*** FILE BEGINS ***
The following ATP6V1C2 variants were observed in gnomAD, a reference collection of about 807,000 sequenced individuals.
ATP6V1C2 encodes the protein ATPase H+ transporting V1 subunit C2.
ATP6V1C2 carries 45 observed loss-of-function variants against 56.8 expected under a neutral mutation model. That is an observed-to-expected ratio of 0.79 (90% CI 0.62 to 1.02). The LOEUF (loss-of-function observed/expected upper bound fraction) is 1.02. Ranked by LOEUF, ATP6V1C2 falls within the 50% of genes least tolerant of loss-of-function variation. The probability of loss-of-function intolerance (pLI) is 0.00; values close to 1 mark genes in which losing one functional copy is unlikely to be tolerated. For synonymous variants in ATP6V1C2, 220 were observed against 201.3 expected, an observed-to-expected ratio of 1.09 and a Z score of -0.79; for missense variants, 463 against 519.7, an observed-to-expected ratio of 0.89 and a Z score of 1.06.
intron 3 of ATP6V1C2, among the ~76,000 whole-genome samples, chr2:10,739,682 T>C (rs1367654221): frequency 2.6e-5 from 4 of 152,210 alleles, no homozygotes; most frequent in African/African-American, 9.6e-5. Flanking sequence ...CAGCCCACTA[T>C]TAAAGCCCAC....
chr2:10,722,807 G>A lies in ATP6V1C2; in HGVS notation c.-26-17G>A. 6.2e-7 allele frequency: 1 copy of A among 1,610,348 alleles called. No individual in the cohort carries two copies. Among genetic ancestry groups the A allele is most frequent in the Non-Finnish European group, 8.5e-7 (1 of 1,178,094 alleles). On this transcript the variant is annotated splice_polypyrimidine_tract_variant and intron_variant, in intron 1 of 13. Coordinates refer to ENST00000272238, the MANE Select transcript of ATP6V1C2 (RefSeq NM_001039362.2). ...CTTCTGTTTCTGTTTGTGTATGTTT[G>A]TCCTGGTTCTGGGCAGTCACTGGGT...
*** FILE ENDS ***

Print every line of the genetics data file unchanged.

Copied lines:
The following ATP6V1C2 variants were observed in gnomAD, a reference collection of about 807,000 sequenced individuals.
ATP6V1C2 encodes the protein ATPase H+ transporting V1 subunit C2.
ATP6V1C2 carries 45 observed loss-of-function variants against 56.8 expected under a neutral mutation model. That is an observed-to-expected ratio of 0.79 (90% CI 0.62 to 1.02). The LOEUF (loss-of-function observed/expected upper bound fraction) is 1.02. Ranked by LOEUF, ATP6V1C2 falls within the 50% of genes least tolerant of loss-of-function variation. The probability of loss-of-function intolerance (pLI) is 0.00; values close to 1 mark genes in which losing one functional copy is unlikely to be tolerated. For synonymous variants in ATP6V1C2, 220 were observed against 201.3 expected, an observed-to-expected ratio of 1.09 and a Z score of -0.79; for missense variants, 463 against 519.7, an observed-to-expected ratio of 0.89 and a Z score of 1.06.
intron 3 of ATP6V1C2, among the ~76,000 whole-genome samples, chr2:10,739,682 T>C (rs1367654221): frequency 2.6e-5 from 4 of 152,210 alleles, no homozygotes; most frequent in African/African-American, 9.6e-5. Flanking sequence ...CAGCCCACTA[T>C]TAAAGCCCAC....
chr2:10,722,807 G>A lies in ATP6V1C2; in HGVS notation c.-26-17G>A. 6.2e-7 allele frequency: 1 copy of A among 1,610,348 alleles called. No individual in the cohort carries two copies. Among genetic ancestry groups the A allele is most frequent in the Non-Finnish European group, 8.5e-7 (1 of 1,178,094 alleles). On this transcript the variant is annotated splice_polypyrimidine_tract_variant and intron_variant, in intron 1 of 13. Coordinates refer to ENST00000272238, the MANE Select transcript of ATP6V1C2 (RefSeq NM_001039362.2). ...CTTCTGTTTCTGTTTGTGTATGTTT[G>A]TCCTGGTTCTGGGCAGTCACTGGGT...